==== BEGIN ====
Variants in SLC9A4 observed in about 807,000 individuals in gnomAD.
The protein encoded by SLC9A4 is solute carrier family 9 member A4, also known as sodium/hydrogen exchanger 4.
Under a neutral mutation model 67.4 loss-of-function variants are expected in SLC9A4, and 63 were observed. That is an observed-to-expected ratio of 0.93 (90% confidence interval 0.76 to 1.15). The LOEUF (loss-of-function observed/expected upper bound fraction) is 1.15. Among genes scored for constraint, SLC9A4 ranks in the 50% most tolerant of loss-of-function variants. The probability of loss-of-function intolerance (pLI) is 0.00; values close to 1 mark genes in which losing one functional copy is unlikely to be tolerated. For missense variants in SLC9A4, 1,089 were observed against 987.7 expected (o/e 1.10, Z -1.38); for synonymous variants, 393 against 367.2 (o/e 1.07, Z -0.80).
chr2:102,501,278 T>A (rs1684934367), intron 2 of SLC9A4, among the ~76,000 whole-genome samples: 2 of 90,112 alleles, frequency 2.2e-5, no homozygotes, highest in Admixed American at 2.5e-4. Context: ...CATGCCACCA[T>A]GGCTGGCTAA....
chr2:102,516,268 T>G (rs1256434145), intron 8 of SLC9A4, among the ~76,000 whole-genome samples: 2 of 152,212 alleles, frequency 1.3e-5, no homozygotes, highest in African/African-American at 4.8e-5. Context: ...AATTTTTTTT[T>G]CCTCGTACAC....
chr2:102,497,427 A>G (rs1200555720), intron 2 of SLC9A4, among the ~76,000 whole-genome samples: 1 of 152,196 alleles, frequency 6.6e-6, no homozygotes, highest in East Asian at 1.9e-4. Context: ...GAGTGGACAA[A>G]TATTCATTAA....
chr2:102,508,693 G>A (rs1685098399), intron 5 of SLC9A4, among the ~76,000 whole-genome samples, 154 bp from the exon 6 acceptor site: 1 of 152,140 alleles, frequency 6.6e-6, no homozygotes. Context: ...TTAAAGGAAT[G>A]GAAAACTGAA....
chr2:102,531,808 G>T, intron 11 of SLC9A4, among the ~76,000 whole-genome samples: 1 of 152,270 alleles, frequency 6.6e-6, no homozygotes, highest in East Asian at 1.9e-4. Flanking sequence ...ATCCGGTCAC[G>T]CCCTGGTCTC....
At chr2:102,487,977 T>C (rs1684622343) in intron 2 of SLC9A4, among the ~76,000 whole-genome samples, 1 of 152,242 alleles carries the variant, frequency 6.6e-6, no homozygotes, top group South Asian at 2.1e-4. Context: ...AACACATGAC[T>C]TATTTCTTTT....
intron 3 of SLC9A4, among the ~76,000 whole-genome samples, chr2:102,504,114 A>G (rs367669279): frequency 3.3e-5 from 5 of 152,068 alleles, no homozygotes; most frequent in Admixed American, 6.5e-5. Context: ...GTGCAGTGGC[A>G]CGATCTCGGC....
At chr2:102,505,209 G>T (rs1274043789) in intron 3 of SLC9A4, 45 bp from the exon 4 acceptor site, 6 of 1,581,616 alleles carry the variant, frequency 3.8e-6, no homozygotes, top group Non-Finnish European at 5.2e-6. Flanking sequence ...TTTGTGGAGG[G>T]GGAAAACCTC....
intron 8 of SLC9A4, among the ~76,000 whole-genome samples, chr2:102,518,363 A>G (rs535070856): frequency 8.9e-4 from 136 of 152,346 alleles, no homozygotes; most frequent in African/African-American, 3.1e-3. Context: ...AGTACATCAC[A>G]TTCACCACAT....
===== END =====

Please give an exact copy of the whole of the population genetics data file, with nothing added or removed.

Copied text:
Variants in SLC9A4 observed in about 807,000 individuals in gnomAD.
The protein encoded by SLC9A4 is solute carrier family 9 member A4, also known as sodium/hydrogen exchanger 4.
Under a neutral mutation model 67.4 loss-of-function variants are expected in SLC9A4, and 63 were observed. That is an observed-to-expected ratio of 0.93 (90% confidence interval 0.76 to 1.15). The LOEUF (loss-of-function observed/expected upper bound fraction) is 1.15. Among genes scored for constraint, SLC9A4 ranks in the 50% most tolerant of loss-of-function variants. The probability of loss-of-function intolerance (pLI) is 0.00; values close to 1 mark genes in which losing one functional copy is unlikely to be tolerated. For missense variants in SLC9A4, 1,089 were observed against 987.7 expected (o/e 1.10, Z -1.38); for synonymous variants, 393 against 367.2 (o/e 1.07, Z -0.80).
chr2:102,501,278 T>A (rs1684934367), intron 2 of SLC9A4, among the ~76,000 whole-genome samples: 2 of 90,112 alleles, frequency 2.2e-5, no homozygotes, highest in Admixed American at 2.5e-4. Context: ...CATGCCACCA[T>A]GGCTGGCTAA....
chr2:102,516,268 T>G (rs1256434145), intron 8 of SLC9A4, among the ~76,000 whole-genome samples: 2 of 152,212 alleles, frequency 1.3e-5, no homozygotes, highest in African/African-American at 4.8e-5. Context: ...AATTTTTTTT[T>G]CCTCGTACAC....
chr2:102,497,427 A>G (rs1200555720), intron 2 of SLC9A4, among the ~76,000 whole-genome samples: 1 of 152,196 alleles, frequency 6.6e-6, no homozygotes, highest in East Asian at 1.9e-4. Context: ...GAGTGGACAA[A>G]TATTCATTAA....
chr2:102,508,693 G>A (rs1685098399), intron 5 of SLC9A4, among the ~76,000 whole-genome samples, 154 bp from the exon 6 acceptor site: 1 of 152,140 alleles, frequency 6.6e-6, no homozygotes. Context: ...TTAAAGGAAT[G>A]GAAAACTGAA....
chr2:102,531,808 G>T, intron 11 of SLC9A4, among the ~76,000 whole-genome samples: 1 of 152,270 alleles, frequency 6.6e-6, no homozygotes, highest in East Asian at 1.9e-4. Flanking sequence ...ATCCGGTCAC[G>T]CCCTGGTCTC....
At chr2:102,487,977 T>C (rs1684622343) in intron 2 of SLC9A4, among the ~76,000 whole-genome samples, 1 of 152,242 alleles carries the variant, frequency 6.6e-6, no homozygotes, top group South Asian at 2.1e-4. Context: ...AACACATGAC[T>C]TATTTCTTTT....
intron 3 of SLC9A4, among the ~76,000 whole-genome samples, chr2:102,504,114 A>G (rs367669279): frequency 3.3e-5 from 5 of 152,068 alleles, no homozygotes; most frequent in Admixed American, 6.5e-5. Context: ...GTGCAGTGGC[A>G]CGATCTCGGC....
At chr2:102,505,209 G>T (rs1274043789) in intron 3 of SLC9A4, 45 bp from the exon 4 acceptor site, 6 of 1,581,616 alleles carry the variant, frequency 3.8e-6, no homozygotes, top group Non-Finnish European at 5.2e-6. Flanking sequence ...TTTGTGGAGG[G>T]GGAAAACCTC....
intron 8 of SLC9A4, among the ~76,000 whole-genome samples, chr2:102,518,363 A>G (rs535070856): frequency 8.9e-4 from 136 of 152,346 alleles, no homozygotes; most frequent in African/African-American, 3.1e-3. Context: ...AGTACATCAC[A>G]TTCACCACAT....